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Himalayas from the International Space Station. Wikimedia Commons

A study published Wednesday shows nearly all the world’s glaciers have been melting at an accelerated pace in recent years, accounting for rises in sea level over the last two decades.

In the study, published in the science journal Nature, an international group of scientists used high-resolution images from NASA’s Terra satellite to study 220,000 of the world’s glaciers between 2000 and 2019.

They found those glaciers lost an average of 267 billion tons – 267 gigatons – of ice per year.

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The study found melting increased over time, from an average of 227 gigatons in the early 2000s to an average of 298 gigatons each year after 2015.

The study showed the melt was raising sea levels by about 0.74 millimeters a year, or 21 percent of the overall sea-level rise observed during the period.

Warming temperatures caused by climate change are melting glaciers and ice sheets all over the globe, according to scientists. Pixabay

Greenland and Antarctic ice sheets were excluded from the study.

Scientists have long warned that warming temperatures driven by climate change are shrinking glaciers and ice sheets around the world, contributing to higher sea levels that threaten the world’s populous coastal cities. The latest reports by the Intergovernmental Panel on Climate Change project that future sea levels will rise by more than a meter by 2100.

ALSO READ: Why The Himalayan Glaciers Are Highly Sensitive To Climate Change? Explained!

Glaciers in Alaska, Iceland, the Alps, the Pamir mountains, and the Himalayas were among the most impacted by melting, researchers found.

Glaciers with surrounding communities provide an important water source and their decline could lead to serious food and water shortages.

About half of the world’s glacial losses are in North America. (VOA/KB)


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Tamil inscriptions of epics, written on palm leaves

Among the Tamil epics written during the Sangam age, only a few survived to this day. Manimegalai is one such. It is written as a sequel to the Sillapadikaram, taking the story forward of Kovalan and Madhavi's daughter, Manimegalai. The Sillapadikaram is about the injustice of the Madurai kingdom in the execution of Kovalan, which turned Kannagi, his wife into a goddess seeking vengeance for her husband's death. Kovalan, before his death, has an affair with a court dancer, Madhavi, and his daughter, Manimegalai, is said to begin a different tradition among the Tamils.

The epic, written by Sattanar, introduces Buddhism to Dravidian culture, something that has been alien to them for years. Manimegalai is the protagonist, who flees constantly from the pursuit of Chola prince Udhayakumara, and tries to lead an ascetic life. Throughout the plot, Buddhist tenets are used to avoid the culmination of a love-story. Manimegalai is believed to be the anti-love story sequel to the Sillapadikaram.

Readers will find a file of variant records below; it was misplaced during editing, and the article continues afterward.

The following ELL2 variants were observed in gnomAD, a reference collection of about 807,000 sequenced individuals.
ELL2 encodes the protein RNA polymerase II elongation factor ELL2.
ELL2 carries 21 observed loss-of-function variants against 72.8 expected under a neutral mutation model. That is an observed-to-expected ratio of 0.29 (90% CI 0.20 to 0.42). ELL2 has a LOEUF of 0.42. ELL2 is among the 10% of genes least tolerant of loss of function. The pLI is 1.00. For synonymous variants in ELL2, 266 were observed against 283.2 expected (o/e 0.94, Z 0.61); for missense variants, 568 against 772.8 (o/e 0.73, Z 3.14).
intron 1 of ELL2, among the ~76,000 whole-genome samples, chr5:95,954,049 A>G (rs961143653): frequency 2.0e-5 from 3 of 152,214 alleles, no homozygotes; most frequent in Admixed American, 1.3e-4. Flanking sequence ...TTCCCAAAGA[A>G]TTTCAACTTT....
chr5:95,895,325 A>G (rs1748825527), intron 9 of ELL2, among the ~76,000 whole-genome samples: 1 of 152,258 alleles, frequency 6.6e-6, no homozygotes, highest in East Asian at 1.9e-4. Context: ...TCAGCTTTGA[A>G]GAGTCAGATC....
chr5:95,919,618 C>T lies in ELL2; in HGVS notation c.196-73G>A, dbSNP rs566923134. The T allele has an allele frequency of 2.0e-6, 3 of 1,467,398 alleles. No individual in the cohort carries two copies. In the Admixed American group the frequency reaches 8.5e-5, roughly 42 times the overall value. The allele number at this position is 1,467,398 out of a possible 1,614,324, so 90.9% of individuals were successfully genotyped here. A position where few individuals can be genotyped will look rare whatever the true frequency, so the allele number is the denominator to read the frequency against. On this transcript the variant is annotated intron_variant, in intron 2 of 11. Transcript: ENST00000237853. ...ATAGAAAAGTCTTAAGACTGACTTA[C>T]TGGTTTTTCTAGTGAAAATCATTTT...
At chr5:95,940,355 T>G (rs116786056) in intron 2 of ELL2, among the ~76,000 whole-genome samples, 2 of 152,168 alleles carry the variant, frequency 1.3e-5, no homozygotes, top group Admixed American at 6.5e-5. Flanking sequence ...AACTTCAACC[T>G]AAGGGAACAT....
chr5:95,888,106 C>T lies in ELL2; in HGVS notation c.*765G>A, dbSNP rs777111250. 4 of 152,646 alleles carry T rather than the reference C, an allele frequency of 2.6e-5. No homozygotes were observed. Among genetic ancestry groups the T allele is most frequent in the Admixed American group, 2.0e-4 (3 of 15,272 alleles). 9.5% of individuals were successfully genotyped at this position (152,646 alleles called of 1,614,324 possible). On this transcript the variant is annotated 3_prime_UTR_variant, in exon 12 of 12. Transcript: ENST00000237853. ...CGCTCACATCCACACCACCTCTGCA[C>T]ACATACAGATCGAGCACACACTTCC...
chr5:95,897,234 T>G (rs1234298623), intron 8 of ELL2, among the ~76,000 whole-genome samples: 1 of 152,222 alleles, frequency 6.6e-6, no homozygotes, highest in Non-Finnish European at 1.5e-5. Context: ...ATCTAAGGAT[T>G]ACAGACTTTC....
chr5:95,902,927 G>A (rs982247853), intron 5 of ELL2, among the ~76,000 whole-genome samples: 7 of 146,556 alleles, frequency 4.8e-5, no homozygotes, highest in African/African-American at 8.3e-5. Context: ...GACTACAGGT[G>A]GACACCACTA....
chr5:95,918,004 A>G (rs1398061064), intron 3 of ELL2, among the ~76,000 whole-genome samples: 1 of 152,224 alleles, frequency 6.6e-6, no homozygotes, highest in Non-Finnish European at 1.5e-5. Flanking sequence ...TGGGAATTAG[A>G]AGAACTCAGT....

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Photo by Markus Winkler on Unsplash

The Covid-19 pandemic could act as an inflection point to shift India's growth model from being consumption driven to investments-led.

The Covid-19 pandemic could act as an inflection point to shift India's growth model from being consumption driven to investments-led. In its Ecoscope report, Motilal Oswal Financial Services, said: "With Covid-19 hurting India's 'Household' (HH) and 'Government' sectors adversely, the continuity of strong consumption growth is in question."

"On the contrary, with listed companies' financial positions improving and an uptick in household investments in the Real Estate sector (called physical savings), the narrative of investment-led recovery is gaining momentum." The report prescribed that various economic participants - households, governments, listed companies, and unlisted corporates -- to increase their fixed asset investments in the immediate future based on their financial position.

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After lifting off for space, SpaceX's Inspiration4, the first all-civilian crew, is healthy, happy and doing well in the orbit, the company said recently.

SpaceX and Tesla CEO Elon Musk has said that next time the Dragon spacecraft will have food warmer and free WiFi. Taking to Twitter, the crew of Inspiration4 shared a checklist of things they have been enjoying while orbiting safely around the Earth.

"Can't believe we're eating cold pizza in space. It's extraordinary!" Inspiration4 tweeted. In response, Musk apologised for the cold food, saying: "Sorry, it was cold! Dragon will have food warmer and free WiFi next time."

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